earned his new deal with stellar play while seriously injured in the Stanley Cup Final. (Getty Images)
By Allan Muir
As expected, the Boston Bruins opened the vault for the second time this week, filling the pockets of Patrice Bergeron to the tune of $52 million over eight years.
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That's only slightly less than the $56 million the team committed to goaltender Tuukka Rask on Wednesday, but don't expect to hear any of the same moaning from Bruins fans over the term or the $6.5 million cap hit being soaked up by Bergeron. Already a popular figure in Boston, the Selke Trophy-nominated center ascended to legend after he suited up for Game 6 of the Stanley Cup Final with a cracked rib and torn cartilage, and continued to play after sustaining a separated shoulder and a punctured lung during the contest. He ended up hospitalized for observation.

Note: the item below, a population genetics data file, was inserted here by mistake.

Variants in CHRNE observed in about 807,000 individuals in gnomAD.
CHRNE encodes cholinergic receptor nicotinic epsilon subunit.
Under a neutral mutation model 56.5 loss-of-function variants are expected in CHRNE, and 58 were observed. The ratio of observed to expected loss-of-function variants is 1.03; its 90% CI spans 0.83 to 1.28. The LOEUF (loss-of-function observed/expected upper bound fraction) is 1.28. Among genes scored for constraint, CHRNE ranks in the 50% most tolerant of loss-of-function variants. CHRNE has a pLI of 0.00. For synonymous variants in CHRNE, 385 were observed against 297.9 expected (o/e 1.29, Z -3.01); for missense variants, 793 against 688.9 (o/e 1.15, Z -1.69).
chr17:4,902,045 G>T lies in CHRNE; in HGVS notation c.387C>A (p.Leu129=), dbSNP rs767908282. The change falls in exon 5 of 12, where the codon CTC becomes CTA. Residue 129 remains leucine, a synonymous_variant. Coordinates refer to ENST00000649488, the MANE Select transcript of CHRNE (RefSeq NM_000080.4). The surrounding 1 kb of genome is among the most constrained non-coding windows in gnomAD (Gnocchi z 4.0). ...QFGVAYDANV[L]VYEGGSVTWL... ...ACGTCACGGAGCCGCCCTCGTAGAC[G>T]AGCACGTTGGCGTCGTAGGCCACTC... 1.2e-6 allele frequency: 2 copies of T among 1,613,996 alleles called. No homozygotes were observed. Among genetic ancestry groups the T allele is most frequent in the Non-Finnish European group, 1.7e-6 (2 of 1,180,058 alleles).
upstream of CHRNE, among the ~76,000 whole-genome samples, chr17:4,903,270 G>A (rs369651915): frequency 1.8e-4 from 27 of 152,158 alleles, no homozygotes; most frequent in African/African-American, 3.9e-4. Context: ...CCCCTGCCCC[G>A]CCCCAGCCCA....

Bergeron’s extension will be effective in 2014-15. This season will be the last on his current three-year, $15 million contract.
Even with the raise, an argument can be made that he's a bargain by today's standards. Bergeron has established himself not just as the heart and soul of the Bruins, but as one of the game's elite two-way centers. He was the runner-up to Jonathan Toews for the Selke as the NHL’s best defensive forward in 2013, after capturing the award in 2012. He won a league-best 62.1 percent of his face-offs this season and excelled in every situation in which he was used.
Despite a crowd of talent at the position, Bergeron is a mortal lock to be one of Canada's four centers if NHLers take part in the 2014 Olympic Games.